There’s no doubt about it: health insurance is complicated.
How are you supposed to know which plan is right for you? How do you know you’re picking one that is affordable, yet still covering everything you need?
Choosing a plan can feel incredibly overwhelming. However, with the right know-how, it’s a lot easier. Additionally, the annual election period allows you to switch your plan without penalty.
Read on to learn how to choose a health insurance plan in five simple steps.
1. Figure Out Your Marketplace
The first step to choosing a new health insurance plan is to find out your marketplace.
Because most people get their insurance through their work, they don’t need to make use of the government marketplaces. Also, plans in the marketplace typically cost more, as most employers’ help pay a part of the workers’ premiums.
However, you always have the option to search for alternative plans in the marketplace if you so choose.
You can check on sites like healthcare.gov and enter your zip code to help find your state’s exchange, where you will then be sent to your options.
2. Compare the Different Types Available
Comparing the different types of health insurance plans can be very confusing to some. After all, a lot of random letters (PPO, EPO, HMO, and POS being the most common) are used to identify the different types of plans.
When comparing different plans, you’ll really just want to focus on the summary of benefits.
Let’s take a quick look at what each type provides:
- HMO: Need to stay within network to get coverage, except for emergencies. Specialists and procedures do require a referral. This type of plan is generally best for those who want lower out-of-pocket costs and a primary doctor who can help coordinate your care for you.
- PPO: With a PPO, you do not have to stay within your network to get coverage. However, this is the less expensive option. You do not need a referral for specialists and procedures. This type of plan is especially great for those who do not want to deal with required referrals and for those who want to have more provider options.
- EPO: Like HMOs, you also have to stay within your network to receive coverage, except for in the case of an emergency. However, like the PPOs, you do not need referrals for specialists and procedures. This type of plan is especially great for those who do not want to have to deal with referrals but also want lower out-of-pocket costs.
- POS: For this type of plan, you do not need to be in-network to receive care. However, in-network care is less expensive and you will need a referral to go out of network. This one is also great for those who would like to have a primary care doctor who can help coordinate their care for them. And, it’s great for those who wish to have more provider options.
3. Compare Networks
After you have compared the different types of health insurance plans, you will also want to compare networks.
As we said in the previous step, costs are lower when you visit a doctor that is in your network.
Therefore, if you have a preferred doctor that you would like to keep, you’ll want to make sure they accept your particular health plan. You can either look in the directory or you can call them directly.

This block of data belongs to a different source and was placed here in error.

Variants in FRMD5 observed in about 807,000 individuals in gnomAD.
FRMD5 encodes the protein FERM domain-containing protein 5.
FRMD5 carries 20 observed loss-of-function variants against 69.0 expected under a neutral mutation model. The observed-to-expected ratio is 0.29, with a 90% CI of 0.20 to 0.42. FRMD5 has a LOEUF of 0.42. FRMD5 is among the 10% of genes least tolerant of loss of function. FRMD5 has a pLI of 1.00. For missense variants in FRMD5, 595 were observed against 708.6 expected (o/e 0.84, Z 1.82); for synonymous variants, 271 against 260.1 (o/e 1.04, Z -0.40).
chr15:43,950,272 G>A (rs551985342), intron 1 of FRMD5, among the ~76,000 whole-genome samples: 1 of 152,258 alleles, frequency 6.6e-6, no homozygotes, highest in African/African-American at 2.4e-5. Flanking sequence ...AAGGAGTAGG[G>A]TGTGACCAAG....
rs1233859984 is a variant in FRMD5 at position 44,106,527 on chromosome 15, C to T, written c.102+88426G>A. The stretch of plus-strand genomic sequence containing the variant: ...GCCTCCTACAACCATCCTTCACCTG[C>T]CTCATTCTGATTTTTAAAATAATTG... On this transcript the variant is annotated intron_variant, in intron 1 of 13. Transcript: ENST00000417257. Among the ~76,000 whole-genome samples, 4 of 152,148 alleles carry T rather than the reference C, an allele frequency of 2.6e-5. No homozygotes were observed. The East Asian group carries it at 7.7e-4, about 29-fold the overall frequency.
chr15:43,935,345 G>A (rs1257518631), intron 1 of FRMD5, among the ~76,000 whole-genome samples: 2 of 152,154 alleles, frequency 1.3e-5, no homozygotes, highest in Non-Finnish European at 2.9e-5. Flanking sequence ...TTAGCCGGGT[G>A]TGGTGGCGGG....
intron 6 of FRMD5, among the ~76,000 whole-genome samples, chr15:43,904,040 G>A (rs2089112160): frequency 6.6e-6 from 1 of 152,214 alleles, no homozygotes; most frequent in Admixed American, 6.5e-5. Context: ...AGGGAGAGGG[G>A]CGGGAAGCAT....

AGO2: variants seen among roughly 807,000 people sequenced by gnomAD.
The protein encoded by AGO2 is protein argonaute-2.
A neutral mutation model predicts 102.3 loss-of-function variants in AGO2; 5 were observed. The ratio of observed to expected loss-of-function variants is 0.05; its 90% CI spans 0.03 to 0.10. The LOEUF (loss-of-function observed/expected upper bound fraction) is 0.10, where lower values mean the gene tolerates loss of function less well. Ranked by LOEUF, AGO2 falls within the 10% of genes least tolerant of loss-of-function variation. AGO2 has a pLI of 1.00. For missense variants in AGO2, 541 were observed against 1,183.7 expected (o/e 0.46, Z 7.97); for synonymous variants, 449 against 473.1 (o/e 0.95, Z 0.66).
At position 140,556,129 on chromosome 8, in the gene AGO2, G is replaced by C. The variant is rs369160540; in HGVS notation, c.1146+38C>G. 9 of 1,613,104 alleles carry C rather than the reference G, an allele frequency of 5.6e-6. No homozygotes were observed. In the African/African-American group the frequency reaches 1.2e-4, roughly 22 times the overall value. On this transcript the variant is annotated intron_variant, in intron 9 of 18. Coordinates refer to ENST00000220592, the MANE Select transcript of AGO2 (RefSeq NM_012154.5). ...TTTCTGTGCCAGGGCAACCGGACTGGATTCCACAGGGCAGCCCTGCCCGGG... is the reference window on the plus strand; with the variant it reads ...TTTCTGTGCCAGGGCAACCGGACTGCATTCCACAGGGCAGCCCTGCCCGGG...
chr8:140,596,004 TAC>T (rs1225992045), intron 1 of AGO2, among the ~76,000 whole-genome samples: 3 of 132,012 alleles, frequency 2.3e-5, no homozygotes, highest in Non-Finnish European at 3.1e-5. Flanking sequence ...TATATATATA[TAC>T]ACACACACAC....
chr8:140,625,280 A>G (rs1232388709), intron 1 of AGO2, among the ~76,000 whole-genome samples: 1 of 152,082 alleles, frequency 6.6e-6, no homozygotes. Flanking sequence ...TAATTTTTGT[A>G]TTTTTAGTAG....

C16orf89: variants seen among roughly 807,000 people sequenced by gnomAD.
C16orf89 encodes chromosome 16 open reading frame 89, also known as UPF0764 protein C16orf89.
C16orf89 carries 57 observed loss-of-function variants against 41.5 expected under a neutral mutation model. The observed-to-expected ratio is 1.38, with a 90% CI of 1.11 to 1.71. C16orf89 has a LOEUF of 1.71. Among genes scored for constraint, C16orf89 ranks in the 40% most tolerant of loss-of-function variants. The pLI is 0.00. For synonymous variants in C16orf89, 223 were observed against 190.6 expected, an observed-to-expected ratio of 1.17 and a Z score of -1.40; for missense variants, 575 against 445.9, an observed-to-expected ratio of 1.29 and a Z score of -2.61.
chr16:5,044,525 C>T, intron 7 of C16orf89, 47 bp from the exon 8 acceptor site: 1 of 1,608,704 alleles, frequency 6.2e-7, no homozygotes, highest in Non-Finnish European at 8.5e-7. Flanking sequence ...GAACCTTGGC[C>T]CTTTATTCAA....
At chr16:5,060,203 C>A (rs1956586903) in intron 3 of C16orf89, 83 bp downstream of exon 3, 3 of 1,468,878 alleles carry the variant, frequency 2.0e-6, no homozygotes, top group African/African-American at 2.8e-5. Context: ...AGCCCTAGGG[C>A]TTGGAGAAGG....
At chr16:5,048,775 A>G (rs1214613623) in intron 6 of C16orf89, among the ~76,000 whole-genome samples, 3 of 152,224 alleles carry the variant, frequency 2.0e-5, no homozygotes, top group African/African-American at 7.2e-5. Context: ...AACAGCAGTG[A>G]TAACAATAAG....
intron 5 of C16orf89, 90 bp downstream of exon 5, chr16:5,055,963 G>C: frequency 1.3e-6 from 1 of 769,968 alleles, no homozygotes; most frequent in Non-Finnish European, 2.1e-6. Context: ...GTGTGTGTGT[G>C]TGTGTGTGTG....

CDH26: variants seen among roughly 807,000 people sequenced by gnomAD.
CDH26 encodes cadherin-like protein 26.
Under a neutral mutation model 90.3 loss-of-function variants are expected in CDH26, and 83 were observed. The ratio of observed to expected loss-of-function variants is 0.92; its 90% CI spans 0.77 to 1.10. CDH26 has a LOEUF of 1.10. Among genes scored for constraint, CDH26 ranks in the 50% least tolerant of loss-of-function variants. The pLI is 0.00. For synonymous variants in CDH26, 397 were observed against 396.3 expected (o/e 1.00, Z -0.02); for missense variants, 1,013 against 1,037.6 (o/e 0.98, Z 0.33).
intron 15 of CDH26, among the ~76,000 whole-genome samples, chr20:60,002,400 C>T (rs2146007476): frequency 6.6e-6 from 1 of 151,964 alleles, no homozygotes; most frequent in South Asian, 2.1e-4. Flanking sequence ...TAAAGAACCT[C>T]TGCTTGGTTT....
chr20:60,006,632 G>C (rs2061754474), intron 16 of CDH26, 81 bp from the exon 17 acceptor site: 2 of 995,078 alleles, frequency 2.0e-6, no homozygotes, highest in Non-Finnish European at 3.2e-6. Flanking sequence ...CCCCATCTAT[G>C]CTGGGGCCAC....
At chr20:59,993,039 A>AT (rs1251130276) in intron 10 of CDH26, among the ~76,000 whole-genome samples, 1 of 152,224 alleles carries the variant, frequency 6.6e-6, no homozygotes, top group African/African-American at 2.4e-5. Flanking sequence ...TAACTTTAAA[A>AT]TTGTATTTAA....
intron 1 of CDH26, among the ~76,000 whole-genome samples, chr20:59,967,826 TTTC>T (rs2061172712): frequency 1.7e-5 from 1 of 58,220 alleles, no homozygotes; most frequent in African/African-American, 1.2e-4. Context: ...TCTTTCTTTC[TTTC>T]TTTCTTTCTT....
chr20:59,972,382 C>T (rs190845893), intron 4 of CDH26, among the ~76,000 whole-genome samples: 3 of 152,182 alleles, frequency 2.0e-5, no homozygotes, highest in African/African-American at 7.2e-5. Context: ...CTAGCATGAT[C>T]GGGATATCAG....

However, if you’re not too concerned about which doctor you have, a plan with a large network is usually better so you’ll have more choices. Having a large network is especially crucial to those living in rural communities, as you’ll have a greater chance of finding a doctor who accepts your plan.
4. Look at Out-of-Pocket Costs
Out-of-pocket costs are another extremely important factor you’ll want to consider.
Under the summary of benefits, the plan should clearly state how much you’ll need to pay out-of-pocket.
Usually, you can find this info on both state and federal marketplaces.
When researching out-of-pocket costs, you’ll want to know some health insurance plan lingo. You should be familiar with the terms deductible, copayments, and coinsurance. These are what your portion of the costs will consist of. The maximum you will spend each year out-of-pocket is also listed on your plan’s information.
Typically, the lower your premium is, the higher your out-of-pocket costs are going to be. Usually, high out-of-pocket costs and lower monthly premiums are better if you are in generally good health and rarely need to see a doctor.
Higher monthly premiums and lower out-of-pocket costs are better when you frequently see doctors or need emergency care, you’re about to have a baby, you have a surgery coming up, you take expensive meds on a regular basis, or you suffer from a chronic condition.
5. Compare the Benefits
Doing all of this should help you have your options narrowed down quite a bit.
To help make your final decision, it’s best to once again look over the summary of benefits and see which plan offers a wider range of services.
You might also want to call a customer service line, as this can help eliminate some choices as well. Also, remember that you’ll need to discontinue your old plan before starting a new one.
By following these tips, you should be well on your way to choosing an insurance plan that is right for you and your family!
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